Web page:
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Federal Trade Commission Expands Rule Regarding Reporting of Data Security Breaches
Saturday, November 4, 2023

The Federal Trade Commission (FTC) has approved an amendment to its Safeguards Rule that will require non-banking financial institutions to report certain data breaches (or “notification events”) to the FTC (not affected individuals).

The “Safeguards Rule,” short for “Standards for Safeguarding Customer Information,” was created to ensure that businesses maintain safeguards to protect the security of customer information. The Safeguards Rule already applied to financial institutions subject to the FTC jurisdiction and that aren’t subject to the enforcement authority of another regulator under the Gramm-Leach-Bliley Act. Under the Rule, financial institutions are defined as any institution the business of which is engaging in an activity that is financial in nature or incidental to such financial activities. FTC guidance can help to better navigate that definition.   


While parts of the Safeguards Rule already apply to non-banking financial institutions such as mortgage brokers, motor vehicle dealers, accountants, tax preparation services, and payday lenders, the recent amendment expands the data breach reporting requirements to these entities.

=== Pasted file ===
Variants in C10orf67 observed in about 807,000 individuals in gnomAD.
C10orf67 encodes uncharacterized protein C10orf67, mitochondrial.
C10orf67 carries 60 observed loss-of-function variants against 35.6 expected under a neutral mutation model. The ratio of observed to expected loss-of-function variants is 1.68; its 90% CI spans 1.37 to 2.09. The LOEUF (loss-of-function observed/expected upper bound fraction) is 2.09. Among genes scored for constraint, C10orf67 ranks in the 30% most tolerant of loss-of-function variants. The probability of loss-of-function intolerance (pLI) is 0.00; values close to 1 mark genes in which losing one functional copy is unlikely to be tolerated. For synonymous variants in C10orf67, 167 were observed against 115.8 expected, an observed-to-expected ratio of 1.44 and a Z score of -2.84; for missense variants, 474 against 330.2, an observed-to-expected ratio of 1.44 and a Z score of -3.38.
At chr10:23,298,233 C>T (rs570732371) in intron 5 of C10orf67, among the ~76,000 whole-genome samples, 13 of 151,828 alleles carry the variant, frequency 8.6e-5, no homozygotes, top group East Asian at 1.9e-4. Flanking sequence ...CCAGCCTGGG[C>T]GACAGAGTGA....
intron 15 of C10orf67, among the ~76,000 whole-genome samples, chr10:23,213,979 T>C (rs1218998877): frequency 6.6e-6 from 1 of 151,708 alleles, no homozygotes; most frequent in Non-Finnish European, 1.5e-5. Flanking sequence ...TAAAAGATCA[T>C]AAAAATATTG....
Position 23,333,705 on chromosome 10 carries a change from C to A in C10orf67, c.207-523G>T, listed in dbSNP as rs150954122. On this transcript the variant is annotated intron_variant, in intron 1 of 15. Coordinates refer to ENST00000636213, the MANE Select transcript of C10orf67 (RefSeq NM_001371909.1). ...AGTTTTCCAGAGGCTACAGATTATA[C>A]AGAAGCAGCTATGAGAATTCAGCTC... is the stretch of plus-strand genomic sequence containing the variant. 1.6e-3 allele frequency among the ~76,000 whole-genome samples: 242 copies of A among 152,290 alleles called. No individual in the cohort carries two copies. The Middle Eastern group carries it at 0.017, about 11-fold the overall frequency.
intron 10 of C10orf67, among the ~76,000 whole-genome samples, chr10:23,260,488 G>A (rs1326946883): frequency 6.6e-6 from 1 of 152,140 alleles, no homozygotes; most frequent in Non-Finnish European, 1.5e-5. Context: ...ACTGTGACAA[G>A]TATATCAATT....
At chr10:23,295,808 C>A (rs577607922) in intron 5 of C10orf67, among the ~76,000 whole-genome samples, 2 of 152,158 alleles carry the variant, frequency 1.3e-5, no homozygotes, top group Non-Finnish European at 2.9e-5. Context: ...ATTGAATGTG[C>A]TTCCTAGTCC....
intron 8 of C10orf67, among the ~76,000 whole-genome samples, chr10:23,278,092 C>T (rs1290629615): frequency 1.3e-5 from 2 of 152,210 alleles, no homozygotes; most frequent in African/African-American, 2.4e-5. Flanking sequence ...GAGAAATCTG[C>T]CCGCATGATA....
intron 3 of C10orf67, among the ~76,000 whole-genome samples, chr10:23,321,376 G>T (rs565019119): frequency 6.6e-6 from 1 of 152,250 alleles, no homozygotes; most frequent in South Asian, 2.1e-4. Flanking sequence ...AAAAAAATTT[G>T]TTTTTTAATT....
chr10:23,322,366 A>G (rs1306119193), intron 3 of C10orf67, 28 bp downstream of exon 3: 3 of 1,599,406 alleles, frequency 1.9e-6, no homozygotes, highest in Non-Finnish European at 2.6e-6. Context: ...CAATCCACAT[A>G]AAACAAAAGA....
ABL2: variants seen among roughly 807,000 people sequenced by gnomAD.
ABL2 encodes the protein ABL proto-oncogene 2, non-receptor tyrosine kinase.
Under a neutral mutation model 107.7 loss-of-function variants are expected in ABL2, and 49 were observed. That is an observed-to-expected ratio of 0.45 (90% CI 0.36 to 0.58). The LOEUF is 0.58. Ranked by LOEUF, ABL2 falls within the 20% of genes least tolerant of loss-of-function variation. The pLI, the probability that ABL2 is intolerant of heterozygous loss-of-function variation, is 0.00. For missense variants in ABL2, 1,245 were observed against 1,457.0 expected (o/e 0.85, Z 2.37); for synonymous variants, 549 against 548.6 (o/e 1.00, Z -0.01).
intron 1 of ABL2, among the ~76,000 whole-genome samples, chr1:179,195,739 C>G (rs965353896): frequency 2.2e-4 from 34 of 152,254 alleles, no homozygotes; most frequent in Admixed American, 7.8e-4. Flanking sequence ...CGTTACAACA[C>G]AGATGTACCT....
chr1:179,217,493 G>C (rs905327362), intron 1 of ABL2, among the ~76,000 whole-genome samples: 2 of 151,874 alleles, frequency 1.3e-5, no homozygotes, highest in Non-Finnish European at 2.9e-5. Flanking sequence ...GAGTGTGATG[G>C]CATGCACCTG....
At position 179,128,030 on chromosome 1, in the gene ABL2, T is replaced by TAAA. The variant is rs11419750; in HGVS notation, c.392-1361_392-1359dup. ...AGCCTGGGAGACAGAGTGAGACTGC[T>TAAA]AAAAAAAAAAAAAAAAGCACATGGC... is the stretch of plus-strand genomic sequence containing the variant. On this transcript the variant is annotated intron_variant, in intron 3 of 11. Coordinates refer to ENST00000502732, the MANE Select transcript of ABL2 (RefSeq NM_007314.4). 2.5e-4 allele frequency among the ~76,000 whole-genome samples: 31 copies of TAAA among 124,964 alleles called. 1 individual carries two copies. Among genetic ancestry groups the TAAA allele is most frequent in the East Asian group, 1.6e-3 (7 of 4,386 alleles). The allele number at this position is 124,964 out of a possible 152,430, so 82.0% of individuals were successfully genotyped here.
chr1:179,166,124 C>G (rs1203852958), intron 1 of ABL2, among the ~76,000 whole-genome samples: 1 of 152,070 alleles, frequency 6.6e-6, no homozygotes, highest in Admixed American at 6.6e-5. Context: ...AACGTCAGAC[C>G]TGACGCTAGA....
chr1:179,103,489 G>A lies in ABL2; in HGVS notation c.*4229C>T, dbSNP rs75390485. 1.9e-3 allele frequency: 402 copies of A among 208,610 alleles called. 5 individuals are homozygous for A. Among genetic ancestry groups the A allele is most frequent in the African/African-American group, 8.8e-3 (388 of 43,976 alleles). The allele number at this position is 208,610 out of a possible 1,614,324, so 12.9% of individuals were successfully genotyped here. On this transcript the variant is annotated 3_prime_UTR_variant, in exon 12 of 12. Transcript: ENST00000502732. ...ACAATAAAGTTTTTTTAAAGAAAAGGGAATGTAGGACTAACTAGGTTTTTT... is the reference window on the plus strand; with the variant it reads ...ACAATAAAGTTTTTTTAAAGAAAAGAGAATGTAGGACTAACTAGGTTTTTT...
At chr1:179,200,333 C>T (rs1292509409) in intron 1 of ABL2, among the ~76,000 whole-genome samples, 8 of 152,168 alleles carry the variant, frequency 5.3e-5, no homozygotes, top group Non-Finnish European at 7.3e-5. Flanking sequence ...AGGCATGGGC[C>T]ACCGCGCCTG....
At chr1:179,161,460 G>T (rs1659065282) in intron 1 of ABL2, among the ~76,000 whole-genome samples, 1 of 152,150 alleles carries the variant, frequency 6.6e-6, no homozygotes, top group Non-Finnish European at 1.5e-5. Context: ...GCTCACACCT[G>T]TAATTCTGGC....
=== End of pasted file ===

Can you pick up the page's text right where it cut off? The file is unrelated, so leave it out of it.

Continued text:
The recent amendment presents a significant expansion of the obligation to provide notification of a “notification event,” even beyond what generally is required under potentially applicable state breach notification laws. Under the FTC’s amendment, the notification obligation applies to “customer information,” whereas most state breach notification laws apply to “personal information.” Remember definitions are important. While states have expanded their definitions of personal information over the years, the term is generally defined to include an individual’s first name (or first initial) and last name, together with one or more of the following data elements:

  • Social security number.